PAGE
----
Syndecan-1 Overexpression

Syndecan-1 was stably overexpressed by transfection with a pEGFP-N1 plasmid carrying the human full-length syndecan-1 gene. Transfection was performed using Effectene Transfection Reagent (Qiagen GmbH, Hilden, Germany). The plasmid and subsequent stable transfection of STAV-AB cells have previously been described in detail by us in a recent publication [13]. Cells transfected with the pEGFP-N1 vector were used as negative control.

Syndecan-1 Silencing

Three hundred thousand STAV-AB cells/well were seeded and after one day transfected using Lipofectamine™ 2000 (Invitrogen, Carlsbad, CA, USA). Three siRNA constructs specific for syndecan-1 were used (Ambion®, Inc. Stockholm, Sweden) (Table S1) with an optimized concentration of 40 nM. Scrambled siRNA, with no target mRNA, was used as negative control. Syndecan-1 specific siRNA or scrambled control siRNA and lipofectamine were diluted in antibiotics- and serum- free medium according to the manufacturer’s instructions and incubated for 25 minutes. The different mediums containing the siRNA-lipofectamine complexes were then added separately to the cells and incubated at 37°C and 5% CO2. After 24 or 48 hours the samples were harvested and RNA was extracted. Experiments were performed in triplicates or more.

RNA Isolation

Total RNA was isolated from sub-confluent cells, using the High Pure RNA Isolation Kit (Roche, Mannheim, Germany) according to the manufacturer’s protocol. The yield and purity of the RNA were determined spectrophotometrically by measuring the UV absorbances at 260 and 280 nm with a NanoDrop spectrophotometer (NanoDrop Technologies Inc.).


a. Quantitative real time polymerase chain reaction (RT-PCR).

Verification of the syndecan-1 overexpression and silencing, as well as validation of the Affimetryx results, were done by quantitative RT-PCR. cDNA synthesis was performed by reverse transcription of 2 µg RNA using First Strand cDNA Synthesis Kit (Amersham Pharmacia Biotech., Little Chalfont, Buckinghamshire, England). RT-PCR was performed with the Platinum® SybrGreen qPCR SuperMix-UDG kit (Invitrogen®) using DNA-polymerase with a set of sense/antisense primers (CyberGene AB, Sweden) for all target genes (see Table S2). The primers were designed by us, using gene sequences from GeneBank (NCBI) with exception of syndecan-1 [21] and GAPDH [22]. All reactions were performed in triplicate, using a total volume of 10 µL/well, with primer concentration of 200 nM, in an iCycler machine (CFX96™ Real Time PCR Detection System, BioRAD Hercules, CA, USA). Analysis was done with Bio-Rad CFX Manager Software 2.0 (BioRad Laboratories 2008). The quantity of each target was normalized to GAPDH as reference gene and to the corresponding controls (vector for syndecan-1 overexpression and scrambled siRNA for syndecan-1 silencing), respectively. Normalization was done by delta delta Ct method, by first determining ΔCt as average Cttarget_gene-average CtGAPDH, then ΔΔCt as ΔCtsample-ΔCtcontrol. Relative expression was calculated as 2−ΔΔCt; fold-change was represented by relative expression if >1 and -1/relative expression if <1. Data were presented as mean values of at least three independent experiments.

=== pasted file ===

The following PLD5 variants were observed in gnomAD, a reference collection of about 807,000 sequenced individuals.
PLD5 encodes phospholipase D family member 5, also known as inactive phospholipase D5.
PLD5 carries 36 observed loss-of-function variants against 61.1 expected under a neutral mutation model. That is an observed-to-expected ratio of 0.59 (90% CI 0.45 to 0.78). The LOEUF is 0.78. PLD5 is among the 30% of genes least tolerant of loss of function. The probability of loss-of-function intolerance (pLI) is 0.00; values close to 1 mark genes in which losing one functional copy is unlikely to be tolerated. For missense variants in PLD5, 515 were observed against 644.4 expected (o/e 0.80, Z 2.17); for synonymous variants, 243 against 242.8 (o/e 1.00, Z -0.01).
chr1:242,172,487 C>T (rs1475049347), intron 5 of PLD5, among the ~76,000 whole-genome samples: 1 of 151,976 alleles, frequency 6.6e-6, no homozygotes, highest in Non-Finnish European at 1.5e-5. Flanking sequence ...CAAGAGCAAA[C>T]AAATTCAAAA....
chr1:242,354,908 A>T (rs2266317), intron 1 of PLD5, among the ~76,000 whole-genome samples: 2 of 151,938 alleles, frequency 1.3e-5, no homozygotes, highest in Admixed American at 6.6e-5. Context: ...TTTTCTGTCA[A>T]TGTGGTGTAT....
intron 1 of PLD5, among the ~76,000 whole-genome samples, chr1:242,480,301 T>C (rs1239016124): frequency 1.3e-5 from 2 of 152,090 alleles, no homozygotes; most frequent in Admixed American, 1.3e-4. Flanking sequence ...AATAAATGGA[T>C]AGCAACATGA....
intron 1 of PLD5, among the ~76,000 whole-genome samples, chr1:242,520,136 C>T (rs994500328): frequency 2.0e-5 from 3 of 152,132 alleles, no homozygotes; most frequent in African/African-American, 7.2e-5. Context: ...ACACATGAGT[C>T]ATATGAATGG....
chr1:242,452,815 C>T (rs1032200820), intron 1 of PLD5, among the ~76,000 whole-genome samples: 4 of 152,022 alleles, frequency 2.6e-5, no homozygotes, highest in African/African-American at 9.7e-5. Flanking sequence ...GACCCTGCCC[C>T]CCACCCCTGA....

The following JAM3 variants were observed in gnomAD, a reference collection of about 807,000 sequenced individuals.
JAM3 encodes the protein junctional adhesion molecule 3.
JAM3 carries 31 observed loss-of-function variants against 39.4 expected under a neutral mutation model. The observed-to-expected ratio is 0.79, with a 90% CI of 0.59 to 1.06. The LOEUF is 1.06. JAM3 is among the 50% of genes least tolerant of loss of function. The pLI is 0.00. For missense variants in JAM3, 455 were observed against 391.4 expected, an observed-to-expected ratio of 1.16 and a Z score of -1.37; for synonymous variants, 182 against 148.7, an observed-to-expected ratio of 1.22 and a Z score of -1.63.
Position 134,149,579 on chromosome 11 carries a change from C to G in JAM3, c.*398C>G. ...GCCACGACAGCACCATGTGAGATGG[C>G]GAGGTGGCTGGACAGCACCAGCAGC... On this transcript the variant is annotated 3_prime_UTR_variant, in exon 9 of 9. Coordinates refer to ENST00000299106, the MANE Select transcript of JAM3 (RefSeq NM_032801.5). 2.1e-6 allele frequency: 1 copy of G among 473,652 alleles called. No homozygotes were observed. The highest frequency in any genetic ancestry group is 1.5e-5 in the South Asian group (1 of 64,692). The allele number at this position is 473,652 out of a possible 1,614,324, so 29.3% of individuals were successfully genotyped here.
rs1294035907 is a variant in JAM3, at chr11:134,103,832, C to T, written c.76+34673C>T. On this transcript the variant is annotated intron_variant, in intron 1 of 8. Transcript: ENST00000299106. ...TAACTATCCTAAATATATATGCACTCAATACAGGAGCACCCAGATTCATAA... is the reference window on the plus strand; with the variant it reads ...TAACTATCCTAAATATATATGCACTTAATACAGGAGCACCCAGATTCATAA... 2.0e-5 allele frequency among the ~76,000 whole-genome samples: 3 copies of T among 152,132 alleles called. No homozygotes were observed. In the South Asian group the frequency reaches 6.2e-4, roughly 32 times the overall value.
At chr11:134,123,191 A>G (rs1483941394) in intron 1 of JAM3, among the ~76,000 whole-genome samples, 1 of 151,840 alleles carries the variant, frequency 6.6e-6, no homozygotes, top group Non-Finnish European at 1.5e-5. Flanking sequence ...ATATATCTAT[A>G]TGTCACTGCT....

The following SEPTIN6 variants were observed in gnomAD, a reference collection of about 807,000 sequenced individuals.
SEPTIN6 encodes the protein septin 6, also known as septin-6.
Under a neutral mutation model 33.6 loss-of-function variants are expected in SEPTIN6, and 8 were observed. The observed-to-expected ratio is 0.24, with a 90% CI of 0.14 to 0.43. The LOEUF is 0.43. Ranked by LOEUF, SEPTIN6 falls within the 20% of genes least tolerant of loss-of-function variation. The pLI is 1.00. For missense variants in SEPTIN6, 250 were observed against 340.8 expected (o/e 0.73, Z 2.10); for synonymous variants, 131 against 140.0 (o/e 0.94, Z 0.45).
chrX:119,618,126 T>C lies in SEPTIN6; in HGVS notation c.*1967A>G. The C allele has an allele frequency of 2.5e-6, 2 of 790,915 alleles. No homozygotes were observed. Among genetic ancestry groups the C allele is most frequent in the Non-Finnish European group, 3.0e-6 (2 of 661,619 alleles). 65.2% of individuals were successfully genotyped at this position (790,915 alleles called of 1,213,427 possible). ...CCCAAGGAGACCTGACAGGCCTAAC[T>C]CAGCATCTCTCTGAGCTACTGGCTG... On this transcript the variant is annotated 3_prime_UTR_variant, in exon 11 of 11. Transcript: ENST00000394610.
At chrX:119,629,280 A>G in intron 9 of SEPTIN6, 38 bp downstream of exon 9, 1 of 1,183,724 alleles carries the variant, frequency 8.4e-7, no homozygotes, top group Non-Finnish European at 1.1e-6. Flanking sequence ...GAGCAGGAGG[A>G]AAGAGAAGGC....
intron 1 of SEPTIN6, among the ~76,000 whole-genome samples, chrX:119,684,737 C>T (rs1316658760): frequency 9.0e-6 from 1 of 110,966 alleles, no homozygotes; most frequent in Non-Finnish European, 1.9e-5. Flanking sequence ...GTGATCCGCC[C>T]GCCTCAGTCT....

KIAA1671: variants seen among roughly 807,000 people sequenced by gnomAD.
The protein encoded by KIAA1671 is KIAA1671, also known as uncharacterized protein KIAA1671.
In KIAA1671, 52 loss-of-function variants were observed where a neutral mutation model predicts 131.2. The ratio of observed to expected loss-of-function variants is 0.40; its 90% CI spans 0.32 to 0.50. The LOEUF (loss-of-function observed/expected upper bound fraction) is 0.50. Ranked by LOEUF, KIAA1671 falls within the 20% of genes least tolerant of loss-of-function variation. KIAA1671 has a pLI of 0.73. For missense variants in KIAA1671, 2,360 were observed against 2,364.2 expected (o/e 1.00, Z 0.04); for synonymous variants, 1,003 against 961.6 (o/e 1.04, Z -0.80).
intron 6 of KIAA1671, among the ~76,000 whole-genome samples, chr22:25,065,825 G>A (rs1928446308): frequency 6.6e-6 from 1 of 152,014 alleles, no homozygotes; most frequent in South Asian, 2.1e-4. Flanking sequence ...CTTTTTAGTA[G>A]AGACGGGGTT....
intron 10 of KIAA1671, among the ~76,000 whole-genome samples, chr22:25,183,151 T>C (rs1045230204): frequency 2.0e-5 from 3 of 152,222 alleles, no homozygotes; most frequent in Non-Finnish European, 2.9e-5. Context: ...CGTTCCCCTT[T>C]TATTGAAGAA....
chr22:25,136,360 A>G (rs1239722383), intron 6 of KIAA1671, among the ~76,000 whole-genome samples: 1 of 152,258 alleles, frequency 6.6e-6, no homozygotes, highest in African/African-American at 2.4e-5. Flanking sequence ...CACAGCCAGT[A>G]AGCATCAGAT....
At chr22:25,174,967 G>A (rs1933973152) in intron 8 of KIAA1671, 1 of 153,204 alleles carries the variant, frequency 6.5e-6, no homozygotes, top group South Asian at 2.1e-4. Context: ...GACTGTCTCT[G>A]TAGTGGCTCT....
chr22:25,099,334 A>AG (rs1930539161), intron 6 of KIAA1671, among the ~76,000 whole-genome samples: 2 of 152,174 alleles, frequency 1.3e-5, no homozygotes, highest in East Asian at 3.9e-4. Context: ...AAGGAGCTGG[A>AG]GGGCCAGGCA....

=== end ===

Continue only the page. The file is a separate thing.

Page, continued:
b. Flow cytometry.

Flow cytometry was performed for confirmation of syndecan-1 modulation on protein level. Cells modulated for syndecan-1 or their respective controls (vector for overexpression and scrambled control for silencing) were detached using 5 mM EDTA in phosphate-buffered saline (PBS) and were fixed in 1% formaldehyde. Cells were permeabilised with 0.1% saponin and 1% BSA in PBS for 10 min. Cells were stained with PE-conjugated specific antibody against syndecan-1 (CD138, clone B-A38, Ref. no. IQP-153R, IQ® PRODUCTS, Groningen, The Netherlands) for 15 minutes in dark. The corresponding isotype IgG1 control (Ref. no. IQP-191R, IQ® PRODUCTS) was used as a negative control. FACS analysis was performed using FACS Calibur Cytometer (Becton Dickinson, San Jose, CA, USA). Results were analyzed with Cell Quest Pro software. Three independent experiments were performed, analyzing at least 10,000 cells for each sample.

c. Proteome profiler arrays.

In order to validate changes caused by syndecan-1 overexpression at protein level, Proteome Profiler Antibody Array (R&D Systems, Inc.) was used. Supernatants from cells overexpressing syndecan-1 and corresponding vector control were collected by centrifugation (400 G, 5 minutes) and the volume was normalized to the cell number. The relative expression of proteins of interest was determined in each sample according to the manufacturer’s instruction. Briefly, nitrocellulose membranes spotted with primary antibodies against 55 proteins were blocked and supernatants, mixed with a cocktail of biotinylated detection antibodies, were added to the membranes and incubated overnight at 4°C. Streptavidin-horseradish peroxidase (HRP) was then added to the membranes and incubated for 30 minutes before chemiluminescence detection reagents were added in equal volumes for approximately. 1 minute. Dot blots were registered with CCD camera (FluorChem™ SP, Alpha Innotech, USA). The average pixel density of duplicate spots on the membrane was determined using ImageJ software (Rasband, W.S., ImageJ, U. S. National Institutes of Health, Bethesda, Maryland, USA,, 1997–2008). After background subtraction the relative amounts of individual proteins were calculated.